McLean Trucking Co., the nation's fifth-largest freight concern, announced yesterday that it has signed a definitive agreement to be acquired by Meridian Express Co., a privately held transportation holding company based in Dallas.
McLean Chairman and Chief Executive Amory Mellen Jr. and Meridian President Elbert Mitchell said the agreement has been signed by the two companies and unanimously approved by both boards of directors.
The agreement calls for McLean shareholders to receive $18 in cash for each share of stock they hold. With more than 5.6 million shares outstanding, the transaction is worth more than $101.3 million.
The combination is subject to the approval of McLean shareholders, the Interstate Commerce Commission and other regulatory authorities.
McLean, based in Winston-Salem, N.C., operates trucking services in 43 states. The company said it would continue to operate under its present management as a wholly owned unit of Meridian.
According to data submitted to the ICC, McLean lost almost $1 million on total revenues of almost $600 million in the 12 months ending Sept. 30, 1981. It lost a little more than $1 million on revenues of $591 million the prior 12-month period. McLean reported a loss of $3.9 million in the fourth quarter of 1981.
Meridian owns subsidiaries that operate two major trucking companies in the West: Merchants Fast Motor Lines Inc. of Abilene, Tex., and Delta Lines Inc. of Oakland, Calif. In its report to the ICC, Merchants said it had profits of $6.5 million on revenues of $104.4 million in the 12 months ended Sept. 30, 1981. Merchants operates primarily from Texas into Arizona, New Mexico and Colorado.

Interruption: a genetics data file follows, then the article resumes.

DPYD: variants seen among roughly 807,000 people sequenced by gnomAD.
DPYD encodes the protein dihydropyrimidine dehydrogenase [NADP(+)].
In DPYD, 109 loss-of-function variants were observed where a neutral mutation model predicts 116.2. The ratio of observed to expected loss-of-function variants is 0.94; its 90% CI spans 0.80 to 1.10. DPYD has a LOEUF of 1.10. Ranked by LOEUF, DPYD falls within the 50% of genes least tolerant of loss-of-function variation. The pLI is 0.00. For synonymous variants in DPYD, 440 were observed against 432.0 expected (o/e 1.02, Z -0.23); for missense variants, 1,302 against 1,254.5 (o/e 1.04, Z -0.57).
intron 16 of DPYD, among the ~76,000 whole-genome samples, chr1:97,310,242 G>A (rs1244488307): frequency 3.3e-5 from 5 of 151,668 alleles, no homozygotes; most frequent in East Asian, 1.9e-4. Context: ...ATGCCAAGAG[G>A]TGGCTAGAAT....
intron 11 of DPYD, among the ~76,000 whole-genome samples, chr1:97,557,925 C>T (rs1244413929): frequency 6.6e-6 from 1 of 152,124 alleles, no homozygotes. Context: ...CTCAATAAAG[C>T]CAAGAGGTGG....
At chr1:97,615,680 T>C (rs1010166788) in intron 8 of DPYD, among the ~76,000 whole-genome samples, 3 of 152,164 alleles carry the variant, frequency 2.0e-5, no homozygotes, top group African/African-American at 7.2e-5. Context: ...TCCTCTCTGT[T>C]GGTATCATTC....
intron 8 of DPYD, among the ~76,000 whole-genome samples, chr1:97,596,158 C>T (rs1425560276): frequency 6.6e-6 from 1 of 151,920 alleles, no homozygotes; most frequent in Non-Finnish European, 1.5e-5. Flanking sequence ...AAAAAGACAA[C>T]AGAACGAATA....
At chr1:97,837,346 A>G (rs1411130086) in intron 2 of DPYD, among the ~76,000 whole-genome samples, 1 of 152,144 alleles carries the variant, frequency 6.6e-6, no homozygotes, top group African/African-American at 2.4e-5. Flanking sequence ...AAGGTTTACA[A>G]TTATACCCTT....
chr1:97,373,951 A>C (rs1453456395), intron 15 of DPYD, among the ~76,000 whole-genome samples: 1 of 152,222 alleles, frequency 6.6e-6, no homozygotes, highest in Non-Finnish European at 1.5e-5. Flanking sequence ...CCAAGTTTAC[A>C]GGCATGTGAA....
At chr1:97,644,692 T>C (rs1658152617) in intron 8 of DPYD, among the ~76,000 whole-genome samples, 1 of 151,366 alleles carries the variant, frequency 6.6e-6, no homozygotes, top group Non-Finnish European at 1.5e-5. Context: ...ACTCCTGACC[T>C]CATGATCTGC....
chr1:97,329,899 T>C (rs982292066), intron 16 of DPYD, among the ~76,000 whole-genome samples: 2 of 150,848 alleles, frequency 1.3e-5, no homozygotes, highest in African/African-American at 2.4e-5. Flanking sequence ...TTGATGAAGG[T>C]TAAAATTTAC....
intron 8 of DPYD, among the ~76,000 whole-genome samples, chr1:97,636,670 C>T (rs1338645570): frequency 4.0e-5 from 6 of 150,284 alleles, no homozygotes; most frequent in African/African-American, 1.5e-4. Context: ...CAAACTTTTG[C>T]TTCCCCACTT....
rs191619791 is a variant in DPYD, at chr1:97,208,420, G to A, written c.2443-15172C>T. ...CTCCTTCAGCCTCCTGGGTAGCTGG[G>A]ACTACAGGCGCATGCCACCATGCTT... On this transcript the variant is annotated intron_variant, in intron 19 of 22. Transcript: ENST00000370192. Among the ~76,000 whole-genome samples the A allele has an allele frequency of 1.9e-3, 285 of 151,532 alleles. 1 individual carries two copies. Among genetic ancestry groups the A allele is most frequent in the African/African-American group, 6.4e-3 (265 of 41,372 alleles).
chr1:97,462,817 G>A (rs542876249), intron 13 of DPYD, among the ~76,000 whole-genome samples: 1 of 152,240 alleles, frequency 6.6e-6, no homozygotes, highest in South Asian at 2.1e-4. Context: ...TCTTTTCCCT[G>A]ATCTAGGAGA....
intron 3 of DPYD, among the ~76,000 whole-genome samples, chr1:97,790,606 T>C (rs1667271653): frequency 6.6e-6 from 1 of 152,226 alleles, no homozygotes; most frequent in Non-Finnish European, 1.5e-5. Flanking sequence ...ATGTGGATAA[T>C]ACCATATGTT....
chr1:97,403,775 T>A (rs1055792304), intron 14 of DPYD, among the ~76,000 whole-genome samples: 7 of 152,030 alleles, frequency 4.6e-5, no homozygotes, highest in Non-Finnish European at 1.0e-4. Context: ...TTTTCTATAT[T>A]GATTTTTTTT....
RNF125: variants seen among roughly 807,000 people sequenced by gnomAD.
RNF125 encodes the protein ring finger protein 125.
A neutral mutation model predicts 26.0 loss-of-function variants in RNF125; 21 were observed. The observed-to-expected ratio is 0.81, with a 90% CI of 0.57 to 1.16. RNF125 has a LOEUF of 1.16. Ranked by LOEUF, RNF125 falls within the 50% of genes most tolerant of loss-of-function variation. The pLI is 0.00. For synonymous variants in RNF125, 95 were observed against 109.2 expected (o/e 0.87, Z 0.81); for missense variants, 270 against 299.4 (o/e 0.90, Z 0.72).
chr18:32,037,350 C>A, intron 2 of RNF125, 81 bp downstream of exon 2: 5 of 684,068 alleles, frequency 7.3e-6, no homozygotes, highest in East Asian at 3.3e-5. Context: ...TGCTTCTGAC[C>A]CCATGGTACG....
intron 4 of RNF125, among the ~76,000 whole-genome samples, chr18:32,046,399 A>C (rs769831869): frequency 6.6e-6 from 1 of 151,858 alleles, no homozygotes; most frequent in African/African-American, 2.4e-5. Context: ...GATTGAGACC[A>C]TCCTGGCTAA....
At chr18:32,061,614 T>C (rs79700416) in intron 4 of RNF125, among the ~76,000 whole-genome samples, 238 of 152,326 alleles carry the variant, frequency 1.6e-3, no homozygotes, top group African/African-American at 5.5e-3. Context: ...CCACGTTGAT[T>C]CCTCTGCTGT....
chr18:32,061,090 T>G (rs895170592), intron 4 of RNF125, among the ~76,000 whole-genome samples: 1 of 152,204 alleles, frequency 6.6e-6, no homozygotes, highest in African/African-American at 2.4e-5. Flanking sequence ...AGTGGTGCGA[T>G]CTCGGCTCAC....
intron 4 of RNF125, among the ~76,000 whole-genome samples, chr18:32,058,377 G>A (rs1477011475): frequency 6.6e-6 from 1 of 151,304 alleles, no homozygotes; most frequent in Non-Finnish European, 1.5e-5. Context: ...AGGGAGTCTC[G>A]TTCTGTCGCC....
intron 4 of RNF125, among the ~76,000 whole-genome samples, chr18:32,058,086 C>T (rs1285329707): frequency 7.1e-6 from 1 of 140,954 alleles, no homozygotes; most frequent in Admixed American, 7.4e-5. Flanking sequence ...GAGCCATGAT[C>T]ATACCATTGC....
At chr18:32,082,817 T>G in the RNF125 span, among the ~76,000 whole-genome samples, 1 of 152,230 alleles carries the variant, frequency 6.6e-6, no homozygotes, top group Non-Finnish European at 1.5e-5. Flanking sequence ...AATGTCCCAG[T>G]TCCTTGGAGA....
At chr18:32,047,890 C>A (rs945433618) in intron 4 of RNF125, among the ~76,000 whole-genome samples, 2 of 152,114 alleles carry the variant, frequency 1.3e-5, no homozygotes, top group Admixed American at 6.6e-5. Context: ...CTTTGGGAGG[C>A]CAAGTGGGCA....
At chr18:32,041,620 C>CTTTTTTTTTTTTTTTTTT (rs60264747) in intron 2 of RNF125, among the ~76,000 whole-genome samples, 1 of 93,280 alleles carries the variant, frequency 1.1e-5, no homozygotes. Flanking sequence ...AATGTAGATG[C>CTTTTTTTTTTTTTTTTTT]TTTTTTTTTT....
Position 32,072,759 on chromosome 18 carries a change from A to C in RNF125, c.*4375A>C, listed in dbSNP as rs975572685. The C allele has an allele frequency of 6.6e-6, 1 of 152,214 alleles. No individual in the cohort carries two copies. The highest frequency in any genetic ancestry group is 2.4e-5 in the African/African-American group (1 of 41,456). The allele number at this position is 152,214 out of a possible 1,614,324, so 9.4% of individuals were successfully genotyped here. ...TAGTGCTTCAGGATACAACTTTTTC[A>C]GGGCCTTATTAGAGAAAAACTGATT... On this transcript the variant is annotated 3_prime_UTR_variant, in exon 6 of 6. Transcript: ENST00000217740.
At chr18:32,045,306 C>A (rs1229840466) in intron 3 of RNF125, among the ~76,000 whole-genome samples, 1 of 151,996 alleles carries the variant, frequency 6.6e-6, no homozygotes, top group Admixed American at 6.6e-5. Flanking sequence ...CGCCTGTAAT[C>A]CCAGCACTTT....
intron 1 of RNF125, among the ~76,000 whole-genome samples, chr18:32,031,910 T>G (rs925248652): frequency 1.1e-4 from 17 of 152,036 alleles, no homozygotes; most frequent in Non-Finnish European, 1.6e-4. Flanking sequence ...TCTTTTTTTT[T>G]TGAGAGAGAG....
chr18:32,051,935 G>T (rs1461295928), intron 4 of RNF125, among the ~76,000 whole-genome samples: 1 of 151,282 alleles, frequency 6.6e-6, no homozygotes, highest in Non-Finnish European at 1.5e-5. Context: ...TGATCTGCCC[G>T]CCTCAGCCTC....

Delta, which operates from California into Oregon, Washington, Nevada and Arizona, reported a loss of $1.7 million in the same 12-month period on revenues of $146.7 million.
James D. Parker, a securities analyst with Robinson-Humphrey in Atlanta, called the proposed merger "a very positive development for McLean."
For a variety of reasons, the company has been at the break-even or small-loss level, but has been in sound financial condition, he indicated. Parker said the company expanded too rapidly in 1979, lost some of its truck-load traffic to other companies as entry to the industry expanded, and has suffered a loss of freight volume as a result of the recession.
"What it needs is a turnaround in volume; I think we'll see that with an upturn in the economy.
"This is certainly a favorable development for shareholders," he added. McLean's stock, which has traded between $6.50 and $11.75 in the past year, closed Tuesday at 8 7/8 in composite trading on the New York Stock Exchange. McLean had asked that trading be suspended Wednesday pending an announcement following its late-in-the-day board of directors meeting. Yesterday, the stock was the biggest percentage gainer, closing at $14.
McLean said it expects to file proxy materials with the Securities and Exchange Commission as soon as practical so that shareholders can vote on the transaction at its annual meeting in April.